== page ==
How to use their vote in the upcoming general election is a question confronting virtually all of my students. Some suggest they won’t vote, that they feel it is pointless. Others insist they want to vote but are anxious that their vote will have little or no impact. Then there are a substantial number who express anxieties over who they will vote for. Hard decisions and difficult choices!
I have responded by suggesting that the size and complexity of the dilemma they are confronting is what makes our democracy meaningful. The very fact that these questions have to be considered in depth is a sign that contemporary issues rather than historical allegiances are increasingly important in the minds of South African citizens. And that’s a good thing for our democracy.
But such an observation doesn’t help anyone reach a decision — least of all myself. I could join a few of my students in staying away, or I could spoil my ballot as called for by the “Sidikiwe! Vukani!” campaign launched by Ronnie Kasrils, Mazibuko Jara, Breyten Breytenbach, Zapiro and others.
I could give up my right to vote. But in my view the citizenship that is expressed through the right to vote comes with responsibilities — I think I have a duty to vote.
And so, like my students, I confront the question of who should I vote for? Having chosen a different party in every election we’ve had, I have no historical allegiance to fall back on. So right now my vote is up for grabs. But it won’t stay that way.
Much to the alarm of at least some colleagues and friends, I find myself quite seriously considering placing my cross next to the Economic Freedom Fighters (EFF) box. I find myself in conversations in which I am challenged about voting for someone with a less than perfect financial track record, where I am warned about “fascist tendencies”, the dangers of nationalisation and other assorted perils. And of course these are valid issues.
I, however, have slightly different concerns, linked to questions of gender and masculinity, to what Siphokazi Magadla has called a “militarised peace”. Magadla suggests that the “military masculinity” epitomised by Julius Malema is deeply problematic in that it validates understandings of patriarchal masculinity that place “the soldier at the top of the hierarchy in how we think of revolution instead of offering new and interesting ways in which we can think about revolution”. As Magadla notes, such understandings of masculinity have little to offer women and children other than continued high levels of violence. Given the existing levels of South African men’s violence against women and children this must be a concern.
I’d like to add to Magadla’s warning by suggesting that militarised understandings of masculinity have very little to offer men, either. For a start, the disavowal of emotions other than rage and anger, the validation of violence and aggression inherent in militarised understandings of masculinity are bad for men’s mental and physical health. In addition the masculine identities of “soldier” or “warrior” are built around hierarchies of “friend” and “foe” that position all of us as one or the other. The military discourse in which combatants are encouraged to kill for / lay down their lives for their friends and commanders — even where “friends” can be transformed into “enemies” almost overnight — has little to offer the many South African men who aspire to more nurturant, peaceful and mutually respectful masculinities. But it also has to be said that such versions of masculinity are not reserved for the EFF — it was under the ANC’s watch that the police service was transformed into a force. And — as writers such as Jackie Cock have observed — the apartheid regime was second to none in producing a society in which militarised versions of masculinity were rewarded and privileged. It is this legacy that Thought Leader blogger Thorne Godinho recently drew attention to.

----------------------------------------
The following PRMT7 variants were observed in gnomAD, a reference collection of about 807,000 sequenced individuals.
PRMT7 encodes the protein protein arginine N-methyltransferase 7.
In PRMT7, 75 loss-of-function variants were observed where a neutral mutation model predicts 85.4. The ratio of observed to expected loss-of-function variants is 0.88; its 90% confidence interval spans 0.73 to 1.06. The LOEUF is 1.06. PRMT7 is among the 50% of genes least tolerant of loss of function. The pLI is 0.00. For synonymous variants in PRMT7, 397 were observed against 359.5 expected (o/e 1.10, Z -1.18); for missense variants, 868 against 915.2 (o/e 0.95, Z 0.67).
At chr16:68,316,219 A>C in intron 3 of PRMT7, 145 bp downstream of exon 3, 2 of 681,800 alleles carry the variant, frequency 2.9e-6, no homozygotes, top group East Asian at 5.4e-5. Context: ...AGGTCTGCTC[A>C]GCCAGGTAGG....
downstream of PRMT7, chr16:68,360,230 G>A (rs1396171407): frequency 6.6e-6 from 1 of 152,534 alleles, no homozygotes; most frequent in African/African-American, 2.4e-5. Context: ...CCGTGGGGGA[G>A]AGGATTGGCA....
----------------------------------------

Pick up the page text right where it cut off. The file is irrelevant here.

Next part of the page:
In the absence of a compelling alternative I can’t quite abandon the idea of giving Malema and the EFF my vote — despite the reservations outlined above. I have two key reasons. The first is that Malema articulates the demands of two overlapping constituencies — the youth and the unemployed. Intersecting both is race, besides the gender regimes I have referenced already. His is an important voice precisely because he articulates the demands of the economically disenfranchised.
Another reason relates to what Sisonke Msimang has described as the rise of the sycophants. The evidence of Nkandla, Guptagate, Marikana, service delivery, textbooks, milk powder etc suggests that ministers — and indeed ordinary members of Parliament — need to be constantly reminded, prodded and poked into putting the interests of South Africa above party, parochial or personal interests. Malema has a proven track record of asking those awkward questions, of refusing to be silenced, and of keeping stories about the myriad sins and vices of our leaders in the news. He is an important figure in our democracy for that alone. And so it remains conceivable that I might place my cross next to Malema’s face.